Led by faculty and graduate students, the teams provide students with hands-on learning experiences and the opportunity to have a huge impact on communities and businesses throughout the region. Recently performing their 600th assessment, the students of the center have saved their Northwest clients almost $90 million in operating expenses, reducing waste and energy consumption across the region.
Mike Knapp and Peter Kreider, both energy analysts working at the Energy Efficiency Center, share their experiences and describe how working on the teams has enhanced what they are learning in the classroom.
Q: How did you learn about the center?
Mike: I learned about the center through Peter and another friend who were already working at the center. I have been at Oregon State since 2005 and have a serious interest in working for alternative energy and energy efficiency. My desire is to get the center’s name out to students, companies and other people to show the benefits that the center offers. Students get valuable work experience and the companies get fresh eyes on their processes at a low or no cost.
Peter: I learned about the center through a friend and fellow graduate student, he suggested that I get involved because I was interested in renewable energy research projects.
Q: What is your role with the EEC?
Mike: I am an energy analyst and marketing lead, and I’m responsible for developing a financial analysis that incorporates NPV and IRR into the energy assessments. I also help mentor new students working at the center.
Peter: I travel with the team to collect data at the various facilities owned by our clients. After the on site assessment I will review work done by the other team members and compile a final report with our recommendations.
Peter: Real-world application of engineering concepts and principles. That sounds cliché, but I have learned a lot about how to apply the theoretical concepts I’ve learned in academia to real-world problems. I’ve also learned practical things, like how to take data accurately, how to tell if a number related to energy is realistic, and I now know how big a 75 horsepower motor is.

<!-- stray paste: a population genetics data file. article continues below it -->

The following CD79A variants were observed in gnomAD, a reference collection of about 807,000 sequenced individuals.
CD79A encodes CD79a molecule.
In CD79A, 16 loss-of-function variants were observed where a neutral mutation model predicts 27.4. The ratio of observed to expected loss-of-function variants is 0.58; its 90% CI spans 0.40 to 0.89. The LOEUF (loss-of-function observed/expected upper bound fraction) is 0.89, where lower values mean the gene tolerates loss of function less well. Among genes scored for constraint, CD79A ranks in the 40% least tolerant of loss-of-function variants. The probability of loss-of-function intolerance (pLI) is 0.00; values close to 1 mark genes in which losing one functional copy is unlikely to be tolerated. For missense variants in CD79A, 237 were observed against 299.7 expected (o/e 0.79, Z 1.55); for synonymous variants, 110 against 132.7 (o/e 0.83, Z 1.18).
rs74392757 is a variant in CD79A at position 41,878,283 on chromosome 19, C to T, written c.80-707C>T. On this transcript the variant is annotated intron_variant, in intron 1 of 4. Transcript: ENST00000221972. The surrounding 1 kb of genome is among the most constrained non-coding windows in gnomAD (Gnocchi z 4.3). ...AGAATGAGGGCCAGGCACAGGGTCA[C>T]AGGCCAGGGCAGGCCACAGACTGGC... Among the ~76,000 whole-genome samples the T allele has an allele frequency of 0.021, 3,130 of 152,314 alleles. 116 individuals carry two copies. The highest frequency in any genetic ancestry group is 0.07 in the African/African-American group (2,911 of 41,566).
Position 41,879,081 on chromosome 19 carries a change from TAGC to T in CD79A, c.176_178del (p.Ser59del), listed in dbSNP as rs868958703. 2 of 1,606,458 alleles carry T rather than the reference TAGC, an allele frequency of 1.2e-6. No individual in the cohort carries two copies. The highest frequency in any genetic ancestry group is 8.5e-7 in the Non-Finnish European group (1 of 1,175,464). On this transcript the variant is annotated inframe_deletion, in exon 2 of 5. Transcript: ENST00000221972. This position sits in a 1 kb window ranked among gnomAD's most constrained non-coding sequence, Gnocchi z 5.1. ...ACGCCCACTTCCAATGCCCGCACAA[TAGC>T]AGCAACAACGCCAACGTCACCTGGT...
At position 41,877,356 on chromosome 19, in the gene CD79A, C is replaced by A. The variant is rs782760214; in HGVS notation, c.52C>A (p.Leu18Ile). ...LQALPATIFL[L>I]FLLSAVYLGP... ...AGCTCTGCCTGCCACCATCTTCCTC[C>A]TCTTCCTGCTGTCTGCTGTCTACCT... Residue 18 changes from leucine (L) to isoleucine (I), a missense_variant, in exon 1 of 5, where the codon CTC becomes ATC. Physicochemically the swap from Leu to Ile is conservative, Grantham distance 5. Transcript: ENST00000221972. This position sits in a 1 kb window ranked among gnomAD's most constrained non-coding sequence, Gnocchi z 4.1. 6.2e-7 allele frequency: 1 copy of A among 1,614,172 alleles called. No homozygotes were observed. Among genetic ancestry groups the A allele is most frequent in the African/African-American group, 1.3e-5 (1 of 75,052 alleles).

Mike: Learning how a system works in a real-world setting and taking correct data is important. Networking with the various companies, vendors, utility providers and regulatory agencies is valuable for students after they graduate. Working in teams and understanding the importance of the industrial experience, project management, communication and organization is something that I have found to be vitally important as well.
Q: What kind of impact do these assessments have on your clients?
Mike: We provide clients the opportunity to not only see what their low-hanging problems are but to be aware of new technologies that can improve their processes and energy usage. Essentially we try to get people away from the thinking of “we do it this way because we have been doing it since I got here 20 years ago.”
Peter: We give them fresh eyes that look at all aspects of their process. We ask them how they do things, and why they do them. Big picture: we save them money and help them become less wasteful.
Q: What relationships do you develop with these potential employers when you are on an assessment?
Peter: Good ones. The people we work with tell us to apply when we graduate because they are always looking for new engineers. I’ve also made a lot of contacts in other energy related positions, such as utility providers and energy consultants.
Mike: While out on assessments, the clients (potential employers) get to see first-hand how a student is able to handle themselves in a pressure situation; how you work in a team; communicate with personnel; and write an analysis that is coherent and correct. Essentially it is a mini-interview.
Mike: My favorite part of the assessment is being on the assessment trip. We get to talk with fellow team members and get to know each other better. During the site visit, seeing how the companies function is also exciting. Then being able to try and apply my understanding of the situation to find possible energy or production improvements is a challenge but fun at the same time.
Peter: My favorite part is either visits to facilities and learning about their process, which feels like being on an episode of “How It’s Made”, or the exciting phase of the assessment where we discover a big savings opportunity. All of the analysts and the personnel at the facility get excited, and it’s a lot of fun to be a part of that moment.